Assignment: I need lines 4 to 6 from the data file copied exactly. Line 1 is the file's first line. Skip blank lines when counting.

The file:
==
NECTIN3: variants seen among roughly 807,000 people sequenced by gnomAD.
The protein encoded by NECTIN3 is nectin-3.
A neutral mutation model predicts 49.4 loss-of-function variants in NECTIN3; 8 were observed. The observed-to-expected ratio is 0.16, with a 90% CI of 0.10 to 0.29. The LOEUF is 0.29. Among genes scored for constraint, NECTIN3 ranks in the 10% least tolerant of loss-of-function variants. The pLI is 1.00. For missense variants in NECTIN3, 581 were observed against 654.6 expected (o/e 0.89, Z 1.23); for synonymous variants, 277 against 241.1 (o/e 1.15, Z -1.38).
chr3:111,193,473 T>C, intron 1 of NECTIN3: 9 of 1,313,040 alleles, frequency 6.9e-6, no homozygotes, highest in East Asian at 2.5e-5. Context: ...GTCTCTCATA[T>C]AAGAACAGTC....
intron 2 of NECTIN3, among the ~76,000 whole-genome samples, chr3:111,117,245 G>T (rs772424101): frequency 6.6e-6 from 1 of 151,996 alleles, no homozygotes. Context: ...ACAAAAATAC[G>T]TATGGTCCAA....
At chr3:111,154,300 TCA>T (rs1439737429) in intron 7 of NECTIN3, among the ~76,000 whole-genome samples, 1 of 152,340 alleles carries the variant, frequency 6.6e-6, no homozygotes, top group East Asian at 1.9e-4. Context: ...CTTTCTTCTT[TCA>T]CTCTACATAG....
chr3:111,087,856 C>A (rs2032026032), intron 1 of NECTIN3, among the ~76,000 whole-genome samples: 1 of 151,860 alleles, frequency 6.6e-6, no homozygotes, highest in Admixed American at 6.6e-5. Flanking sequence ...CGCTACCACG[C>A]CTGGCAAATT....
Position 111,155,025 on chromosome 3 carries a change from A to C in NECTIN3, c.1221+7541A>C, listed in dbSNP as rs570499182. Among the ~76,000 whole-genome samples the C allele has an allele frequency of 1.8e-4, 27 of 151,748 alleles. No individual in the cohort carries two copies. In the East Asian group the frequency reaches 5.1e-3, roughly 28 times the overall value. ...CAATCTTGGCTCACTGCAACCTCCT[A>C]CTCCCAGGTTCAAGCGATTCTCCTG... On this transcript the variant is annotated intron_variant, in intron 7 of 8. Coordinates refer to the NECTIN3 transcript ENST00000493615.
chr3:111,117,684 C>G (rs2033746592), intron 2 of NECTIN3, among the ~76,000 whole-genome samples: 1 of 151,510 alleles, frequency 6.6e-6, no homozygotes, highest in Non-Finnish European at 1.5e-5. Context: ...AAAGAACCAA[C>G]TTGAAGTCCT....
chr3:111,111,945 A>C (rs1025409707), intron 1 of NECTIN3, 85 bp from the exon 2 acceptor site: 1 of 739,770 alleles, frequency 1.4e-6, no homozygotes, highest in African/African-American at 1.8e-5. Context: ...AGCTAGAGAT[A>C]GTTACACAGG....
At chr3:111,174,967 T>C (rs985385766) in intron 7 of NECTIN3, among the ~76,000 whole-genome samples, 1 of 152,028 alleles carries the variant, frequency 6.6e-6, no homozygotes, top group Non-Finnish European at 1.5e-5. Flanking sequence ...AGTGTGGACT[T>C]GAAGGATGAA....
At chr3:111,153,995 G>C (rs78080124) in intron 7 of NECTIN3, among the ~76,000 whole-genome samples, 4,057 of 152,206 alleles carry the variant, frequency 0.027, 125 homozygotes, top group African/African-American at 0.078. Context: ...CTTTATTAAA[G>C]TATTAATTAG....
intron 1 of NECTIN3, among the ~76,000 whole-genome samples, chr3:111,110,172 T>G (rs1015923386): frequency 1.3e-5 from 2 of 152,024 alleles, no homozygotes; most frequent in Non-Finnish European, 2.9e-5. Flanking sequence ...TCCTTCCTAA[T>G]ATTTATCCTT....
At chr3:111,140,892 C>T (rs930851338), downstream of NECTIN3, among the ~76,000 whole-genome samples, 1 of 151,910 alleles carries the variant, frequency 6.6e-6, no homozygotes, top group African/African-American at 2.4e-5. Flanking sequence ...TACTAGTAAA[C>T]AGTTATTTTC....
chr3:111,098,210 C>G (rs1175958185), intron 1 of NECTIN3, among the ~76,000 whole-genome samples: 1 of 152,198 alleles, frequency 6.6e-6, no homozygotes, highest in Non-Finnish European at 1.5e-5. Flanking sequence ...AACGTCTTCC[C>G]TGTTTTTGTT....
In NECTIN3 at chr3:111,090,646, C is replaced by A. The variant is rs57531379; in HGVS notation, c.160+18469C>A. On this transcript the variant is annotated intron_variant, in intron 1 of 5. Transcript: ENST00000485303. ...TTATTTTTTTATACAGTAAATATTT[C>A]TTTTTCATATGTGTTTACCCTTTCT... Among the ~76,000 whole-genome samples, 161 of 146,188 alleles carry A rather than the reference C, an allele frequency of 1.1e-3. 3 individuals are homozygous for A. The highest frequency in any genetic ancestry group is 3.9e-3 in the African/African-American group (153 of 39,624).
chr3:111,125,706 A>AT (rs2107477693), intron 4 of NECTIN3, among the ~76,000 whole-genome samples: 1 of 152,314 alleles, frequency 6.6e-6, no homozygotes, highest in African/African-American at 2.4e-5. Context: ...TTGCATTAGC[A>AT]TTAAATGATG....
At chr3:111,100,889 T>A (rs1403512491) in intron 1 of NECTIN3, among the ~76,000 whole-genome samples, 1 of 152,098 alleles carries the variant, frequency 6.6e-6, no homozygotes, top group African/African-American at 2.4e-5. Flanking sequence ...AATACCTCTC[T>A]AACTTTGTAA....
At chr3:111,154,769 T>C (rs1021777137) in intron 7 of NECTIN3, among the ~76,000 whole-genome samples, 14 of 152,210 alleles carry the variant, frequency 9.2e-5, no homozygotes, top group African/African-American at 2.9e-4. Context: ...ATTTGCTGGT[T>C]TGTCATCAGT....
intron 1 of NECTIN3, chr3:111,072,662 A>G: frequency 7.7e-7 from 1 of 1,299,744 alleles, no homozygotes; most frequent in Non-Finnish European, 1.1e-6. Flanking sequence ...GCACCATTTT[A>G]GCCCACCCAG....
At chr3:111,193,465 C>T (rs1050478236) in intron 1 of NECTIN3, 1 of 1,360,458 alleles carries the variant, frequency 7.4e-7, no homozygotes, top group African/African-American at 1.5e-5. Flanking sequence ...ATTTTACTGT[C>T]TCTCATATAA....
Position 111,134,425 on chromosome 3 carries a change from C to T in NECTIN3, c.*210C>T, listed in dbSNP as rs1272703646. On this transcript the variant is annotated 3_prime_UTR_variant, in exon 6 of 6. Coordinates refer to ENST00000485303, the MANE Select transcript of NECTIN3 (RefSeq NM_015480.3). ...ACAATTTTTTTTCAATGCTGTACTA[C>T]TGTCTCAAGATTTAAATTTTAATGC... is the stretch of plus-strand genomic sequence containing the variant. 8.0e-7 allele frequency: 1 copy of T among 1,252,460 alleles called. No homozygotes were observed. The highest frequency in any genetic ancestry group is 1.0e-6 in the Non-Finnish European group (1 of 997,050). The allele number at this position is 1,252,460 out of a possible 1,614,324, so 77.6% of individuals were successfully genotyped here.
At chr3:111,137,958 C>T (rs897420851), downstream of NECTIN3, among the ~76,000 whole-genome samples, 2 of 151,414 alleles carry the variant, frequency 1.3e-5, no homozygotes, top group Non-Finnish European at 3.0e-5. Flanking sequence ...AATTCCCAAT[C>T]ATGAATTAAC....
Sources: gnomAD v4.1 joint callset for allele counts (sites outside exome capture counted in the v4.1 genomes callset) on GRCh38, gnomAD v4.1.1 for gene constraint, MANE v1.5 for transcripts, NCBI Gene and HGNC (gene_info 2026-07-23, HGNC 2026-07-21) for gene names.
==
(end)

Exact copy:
chr3:111,193,473 T>C, intron 1 of NECTIN3: 9 of 1,313,040 alleles, frequency 6.9e-6, no homozygotes, highest in East Asian at 2.5e-5. Context: ...GTCTCTCATA[T>C]AAGAACAGTC....
intron 2 of NECTIN3, among the ~76,000 whole-genome samples, chr3:111,117,245 G>T (rs772424101): frequency 6.6e-6 from 1 of 151,996 alleles, no homozygotes. Context: ...ACAAAAATAC[G>T]TATGGTCCAA....
At chr3:111,154,300 TCA>T (rs1439737429) in intron 7 of NECTIN3, among the ~76,000 whole-genome samples, 1 of 152,340 alleles carries the variant, frequency 6.6e-6, no homozygotes, top group East Asian at 1.9e-4. Context: ...CTTTCTTCTT[TCA>T]CTCTACATAG....